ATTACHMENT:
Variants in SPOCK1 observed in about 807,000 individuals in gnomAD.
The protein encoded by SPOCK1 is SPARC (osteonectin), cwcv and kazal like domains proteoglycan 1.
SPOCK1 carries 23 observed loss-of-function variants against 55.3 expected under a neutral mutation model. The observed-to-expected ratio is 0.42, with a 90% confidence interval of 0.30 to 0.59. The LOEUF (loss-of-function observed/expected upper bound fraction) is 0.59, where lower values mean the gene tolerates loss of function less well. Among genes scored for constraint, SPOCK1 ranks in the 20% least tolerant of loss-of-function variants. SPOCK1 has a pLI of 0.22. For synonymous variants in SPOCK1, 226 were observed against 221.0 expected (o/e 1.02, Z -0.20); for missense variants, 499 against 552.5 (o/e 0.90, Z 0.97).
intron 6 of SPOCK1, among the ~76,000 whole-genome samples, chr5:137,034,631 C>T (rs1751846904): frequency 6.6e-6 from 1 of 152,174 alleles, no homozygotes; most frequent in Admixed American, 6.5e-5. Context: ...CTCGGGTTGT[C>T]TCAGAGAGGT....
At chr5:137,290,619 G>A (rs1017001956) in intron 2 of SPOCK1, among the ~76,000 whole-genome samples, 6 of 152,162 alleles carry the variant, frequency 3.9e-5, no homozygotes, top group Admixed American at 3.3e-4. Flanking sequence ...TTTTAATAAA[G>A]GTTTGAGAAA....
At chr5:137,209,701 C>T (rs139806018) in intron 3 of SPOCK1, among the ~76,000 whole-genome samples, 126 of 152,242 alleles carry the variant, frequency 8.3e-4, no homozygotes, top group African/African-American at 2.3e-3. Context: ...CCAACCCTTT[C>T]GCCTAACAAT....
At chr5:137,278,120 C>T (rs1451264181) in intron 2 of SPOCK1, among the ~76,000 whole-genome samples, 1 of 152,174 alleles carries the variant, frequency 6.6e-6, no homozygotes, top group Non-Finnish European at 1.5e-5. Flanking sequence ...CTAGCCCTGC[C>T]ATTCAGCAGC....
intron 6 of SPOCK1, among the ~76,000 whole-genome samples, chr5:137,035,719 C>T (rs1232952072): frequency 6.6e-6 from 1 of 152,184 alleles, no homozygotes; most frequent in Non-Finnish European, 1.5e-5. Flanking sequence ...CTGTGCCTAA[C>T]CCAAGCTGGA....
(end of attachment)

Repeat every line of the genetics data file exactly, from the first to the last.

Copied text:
Variants in SPOCK1 observed in about 807,000 individuals in gnomAD.
The protein encoded by SPOCK1 is SPARC (osteonectin), cwcv and kazal like domains proteoglycan 1.
SPOCK1 carries 23 observed loss-of-function variants against 55.3 expected under a neutral mutation model. The observed-to-expected ratio is 0.42, with a 90% confidence interval of 0.30 to 0.59. The LOEUF (loss-of-function observed/expected upper bound fraction) is 0.59, where lower values mean the gene tolerates loss of function less well. Among genes scored for constraint, SPOCK1 ranks in the 20% least tolerant of loss-of-function variants. SPOCK1 has a pLI of 0.22. For synonymous variants in SPOCK1, 226 were observed against 221.0 expected (o/e 1.02, Z -0.20); for missense variants, 499 against 552.5 (o/e 0.90, Z 0.97).
intron 6 of SPOCK1, among the ~76,000 whole-genome samples, chr5:137,034,631 C>T (rs1751846904): frequency 6.6e-6 from 1 of 152,174 alleles, no homozygotes; most frequent in Admixed American, 6.5e-5. Context: ...CTCGGGTTGT[C>T]TCAGAGAGGT....
At chr5:137,290,619 G>A (rs1017001956) in intron 2 of SPOCK1, among the ~76,000 whole-genome samples, 6 of 152,162 alleles carry the variant, frequency 3.9e-5, no homozygotes, top group Admixed American at 3.3e-4. Flanking sequence ...TTTTAATAAA[G>A]GTTTGAGAAA....
At chr5:137,209,701 C>T (rs139806018) in intron 3 of SPOCK1, among the ~76,000 whole-genome samples, 126 of 152,242 alleles carry the variant, frequency 8.3e-4, no homozygotes, top group African/African-American at 2.3e-3. Context: ...CCAACCCTTT[C>T]GCCTAACAAT....
At chr5:137,278,120 C>T (rs1451264181) in intron 2 of SPOCK1, among the ~76,000 whole-genome samples, 1 of 152,174 alleles carries the variant, frequency 6.6e-6, no homozygotes, top group Non-Finnish European at 1.5e-5. Flanking sequence ...CTAGCCCTGC[C>T]ATTCAGCAGC....
intron 6 of SPOCK1, among the ~76,000 whole-genome samples, chr5:137,035,719 C>T (rs1232952072): frequency 6.6e-6 from 1 of 152,184 alleles, no homozygotes; most frequent in Non-Finnish European, 1.5e-5. Flanking sequence ...CTGTGCCTAA[C>T]CCAAGCTGGA....